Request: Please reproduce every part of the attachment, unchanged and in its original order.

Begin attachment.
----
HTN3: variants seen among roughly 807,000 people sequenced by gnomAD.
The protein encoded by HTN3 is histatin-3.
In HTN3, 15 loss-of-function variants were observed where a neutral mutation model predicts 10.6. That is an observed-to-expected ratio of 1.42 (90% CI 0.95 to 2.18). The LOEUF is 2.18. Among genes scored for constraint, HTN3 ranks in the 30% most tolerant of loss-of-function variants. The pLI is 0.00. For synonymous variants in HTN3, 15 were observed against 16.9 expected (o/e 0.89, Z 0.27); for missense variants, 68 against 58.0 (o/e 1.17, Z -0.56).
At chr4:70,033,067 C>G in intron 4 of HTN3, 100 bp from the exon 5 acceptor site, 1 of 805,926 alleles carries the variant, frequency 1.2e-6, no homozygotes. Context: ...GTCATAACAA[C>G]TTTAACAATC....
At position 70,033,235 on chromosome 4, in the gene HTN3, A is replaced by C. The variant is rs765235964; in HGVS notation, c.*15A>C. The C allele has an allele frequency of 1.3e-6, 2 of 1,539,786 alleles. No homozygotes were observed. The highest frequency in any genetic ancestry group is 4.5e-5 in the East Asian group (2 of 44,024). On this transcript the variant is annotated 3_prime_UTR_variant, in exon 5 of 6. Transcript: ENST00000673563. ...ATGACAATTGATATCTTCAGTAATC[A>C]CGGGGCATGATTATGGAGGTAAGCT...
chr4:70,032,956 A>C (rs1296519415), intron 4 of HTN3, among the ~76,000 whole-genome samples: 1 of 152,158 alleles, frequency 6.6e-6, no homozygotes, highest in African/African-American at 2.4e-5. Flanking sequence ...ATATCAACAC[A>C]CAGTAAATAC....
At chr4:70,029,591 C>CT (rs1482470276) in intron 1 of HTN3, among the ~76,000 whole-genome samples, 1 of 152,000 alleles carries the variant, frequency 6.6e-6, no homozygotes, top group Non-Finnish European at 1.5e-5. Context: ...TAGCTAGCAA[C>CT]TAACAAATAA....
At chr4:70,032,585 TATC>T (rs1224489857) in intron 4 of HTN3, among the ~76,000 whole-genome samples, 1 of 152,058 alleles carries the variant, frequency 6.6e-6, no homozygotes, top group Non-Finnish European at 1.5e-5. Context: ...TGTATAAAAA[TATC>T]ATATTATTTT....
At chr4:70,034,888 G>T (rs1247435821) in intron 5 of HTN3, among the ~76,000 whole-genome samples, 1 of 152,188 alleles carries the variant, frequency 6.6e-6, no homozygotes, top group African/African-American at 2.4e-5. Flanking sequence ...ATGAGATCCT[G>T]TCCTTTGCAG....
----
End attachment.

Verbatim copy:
HTN3: variants seen among roughly 807,000 people sequenced by gnomAD.
The protein encoded by HTN3 is histatin-3.
In HTN3, 15 loss-of-function variants were observed where a neutral mutation model predicts 10.6. That is an observed-to-expected ratio of 1.42 (90% CI 0.95 to 2.18). The LOEUF is 2.18. Among genes scored for constraint, HTN3 ranks in the 30% most tolerant of loss-of-function variants. The pLI is 0.00. For synonymous variants in HTN3, 15 were observed against 16.9 expected (o/e 0.89, Z 0.27); for missense variants, 68 against 58.0 (o/e 1.17, Z -0.56).
At chr4:70,033,067 C>G in intron 4 of HTN3, 100 bp from the exon 5 acceptor site, 1 of 805,926 alleles carries the variant, frequency 1.2e-6, no homozygotes. Context: ...GTCATAACAA[C>G]TTTAACAATC....
At position 70,033,235 on chromosome 4, in the gene HTN3, A is replaced by C. The variant is rs765235964; in HGVS notation, c.*15A>C. The C allele has an allele frequency of 1.3e-6, 2 of 1,539,786 alleles. No homozygotes were observed. The highest frequency in any genetic ancestry group is 4.5e-5 in the East Asian group (2 of 44,024). On this transcript the variant is annotated 3_prime_UTR_variant, in exon 5 of 6. Transcript: ENST00000673563. ...ATGACAATTGATATCTTCAGTAATC[A>C]CGGGGCATGATTATGGAGGTAAGCT...
chr4:70,032,956 A>C (rs1296519415), intron 4 of HTN3, among the ~76,000 whole-genome samples: 1 of 152,158 alleles, frequency 6.6e-6, no homozygotes, highest in African/African-American at 2.4e-5. Flanking sequence ...ATATCAACAC[A>C]CAGTAAATAC....
At chr4:70,029,591 C>CT (rs1482470276) in intron 1 of HTN3, among the ~76,000 whole-genome samples, 1 of 152,000 alleles carries the variant, frequency 6.6e-6, no homozygotes, top group Non-Finnish European at 1.5e-5. Context: ...TAGCTAGCAA[C>CT]TAACAAATAA....
At chr4:70,032,585 TATC>T (rs1224489857) in intron 4 of HTN3, among the ~76,000 whole-genome samples, 1 of 152,058 alleles carries the variant, frequency 6.6e-6, no homozygotes, top group Non-Finnish European at 1.5e-5. Context: ...TGTATAAAAA[TATC>T]ATATTATTTT....
At chr4:70,034,888 G>T (rs1247435821) in intron 5 of HTN3, among the ~76,000 whole-genome samples, 1 of 152,188 alleles carries the variant, frequency 6.6e-6, no homozygotes, top group African/African-American at 2.4e-5. Flanking sequence ...ATGAGATCCT[G>T]TCCTTTGCAG....